Now, execute the /sbin/vboxconfig as root to re-start the setup process:# /sbin/vboxconfig vboxdrv.sh: Stopping VirtualBox services. vboxdrv.sh: Starting VirtualBox services. vboxdrv.sh: Building VirtualBox kernel modules. vboxdrv.sh: Starting VirtualBox services. ... #

Run vboxdrv:

So far so good. It's now the moment of the truth. If I can get vboxdrv running, it's all set:# /etc/rc.d/rc.vboxdrv start Starting VirtualBox kernel modules ...done. #

Hooray! it's working. In fact, I can bring up VirtualBox. All I need to do is to update their Guest Addition images to the latest.

That's all!
-gibb

Kernel 4.4.172 on Slackware64 and NVIDIA

Today, I noticed the kernel update to 4.4.172 from Security Advisories and updated my system. After rebooting the system, it couldn't start my X-Window system! It just failed. From the log file, I was able to determine that there was some kind of incompatibility with current NVIDIA driver.

After much of trial-and-error, I was able to install the correct NVIDIA driver for my system and got X-Window system running again. This is just a note to myself and others who might face the same issues, and hopefully they don't need to go through all the troubles.

Disclaimer:
The information in this site is the result of my researches in the Internet and of my experiences. This information below is solely used for my purpose and may not be suitable for others.

First of all, I just go though the ways to install package updates from the slackware website, just for a formality. The procedure was pretty simple and I followed the instruction in that page (well, most of the part). $ cd /tmp/patches $ wget ftp://ftp.slackware.com/pub/slackware/slackware64-14.2/patches/packages/*.txz # upgradepkg *.txz ... #

Now, download the kernel packages:$ wget ftp://ftp.slackware.com/pub/slackware/slackware64-14.2/patches/packages/linux-4.4.172/*.txz # upgradepkg kernel-*.txz ... # /usr/share/mkinitrd/mkinitrd_command_generator.sh -k 4.4.172 | bash ...

The instruction says to run the lilo command to reinstall lilo:# lilo Fatal: open /boot/vmlinuz-generic=4.4.xx: No such file or directory

Oops, it looks like I do need to update the lilo.conf file to reflect with new updated kernel image and version. To do this, open the /etc/lilo.conf file and point to the right image name and label:# nvim /etc/lilo.conf ... image = /boot/vmlinuz-generic-4.4.xx <-- Change this to /boot/vmlinuz-generic-4.4.172 initrd = /boot/initrd.gz root = /dev/sda2 label = 4.4.xx <-- Change this to 4.4.172 read-only ...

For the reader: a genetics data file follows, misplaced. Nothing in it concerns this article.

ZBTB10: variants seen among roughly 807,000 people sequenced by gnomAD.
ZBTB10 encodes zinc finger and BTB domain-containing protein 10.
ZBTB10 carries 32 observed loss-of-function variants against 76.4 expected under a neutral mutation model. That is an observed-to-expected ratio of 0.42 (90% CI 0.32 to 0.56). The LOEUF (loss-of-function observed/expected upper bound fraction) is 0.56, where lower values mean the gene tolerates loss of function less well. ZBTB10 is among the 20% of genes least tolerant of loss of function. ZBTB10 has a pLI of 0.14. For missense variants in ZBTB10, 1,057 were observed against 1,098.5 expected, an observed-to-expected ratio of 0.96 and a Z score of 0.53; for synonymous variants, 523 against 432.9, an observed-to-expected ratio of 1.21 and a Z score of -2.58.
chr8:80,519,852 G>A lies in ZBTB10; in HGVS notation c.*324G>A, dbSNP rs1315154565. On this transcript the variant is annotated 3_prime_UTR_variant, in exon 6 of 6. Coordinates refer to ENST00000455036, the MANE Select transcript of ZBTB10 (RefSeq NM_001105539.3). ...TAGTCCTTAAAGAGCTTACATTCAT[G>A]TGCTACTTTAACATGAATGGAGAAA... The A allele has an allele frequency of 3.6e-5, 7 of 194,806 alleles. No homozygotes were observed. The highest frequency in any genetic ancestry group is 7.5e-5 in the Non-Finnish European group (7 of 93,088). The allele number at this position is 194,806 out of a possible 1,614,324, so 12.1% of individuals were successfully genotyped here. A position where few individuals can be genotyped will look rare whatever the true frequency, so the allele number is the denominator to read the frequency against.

Then, re-run the lilo command:# lilo Added 4.4.172 + * # reboot

After rebooting and loging in, startx failed.

The log, /var/log/Xorg.0.log, indicates something about nvidia driver missing, so I figured there was an incompatibility with the updated kernel. Then, I google'ed for a solution and learned that SlackBuilds.org had NVIDIA driver packages (418.43).

I downloaded and installed. During the installation, it warned that this driver packages were not compatible with my NVIDIA card, GeForce GTS 450, and recommended to use 390.xx. Of course, installation of this packages didn't fix the problem.

Then, I searched the nvidia site for the correct driver for my card and found 390.87. But this driver always failed to build against the kernel 4.4.172. I desperately searched the Net for a solution but couldn't find any. So, I went back to the nvidia site for older drivers to try on. Under the Beta and older version link, I found the newer version 390.116, which was released a few weeks ago. This driver set does support my old card, GeForce GTS 450, so I gave it a shot.# sh NVIDIA-Linux-x86_64-390.116.run ...

The installation went successful without any issues. Moreover, startx was able to bring up the X-Window system!

That's all!
-gibb

Welcome 2019, Good-bye 2018!

Happy New Year, everyone!

The year 2018 was misfortune for me. From the beginning of the year, a lot of hardship happened and I just couldn't wait for this year to end as quickly as possible.

Now, the new year has started and I just hope 2019 will be all right.

That's all!
-gibb

Creating ISO images from CD or DVD

Disclaimer:
The information in this site is the result of my researches in the Internet and of my experiences. This information below is solely used for my purpose and may not be suitable for others.

1. Reading the block size and the volume size:
# isoinfo -d -i /dev/sr0 | grep -i -E 'block size|volume size' Logical block size is: 2048 Volume size is: 327867

2. Running dd with the parameters for block size and volume size: # dd if=/dev/sr0 of=/tmp/test.iso bs= count= status=progress

That's all!
-gibb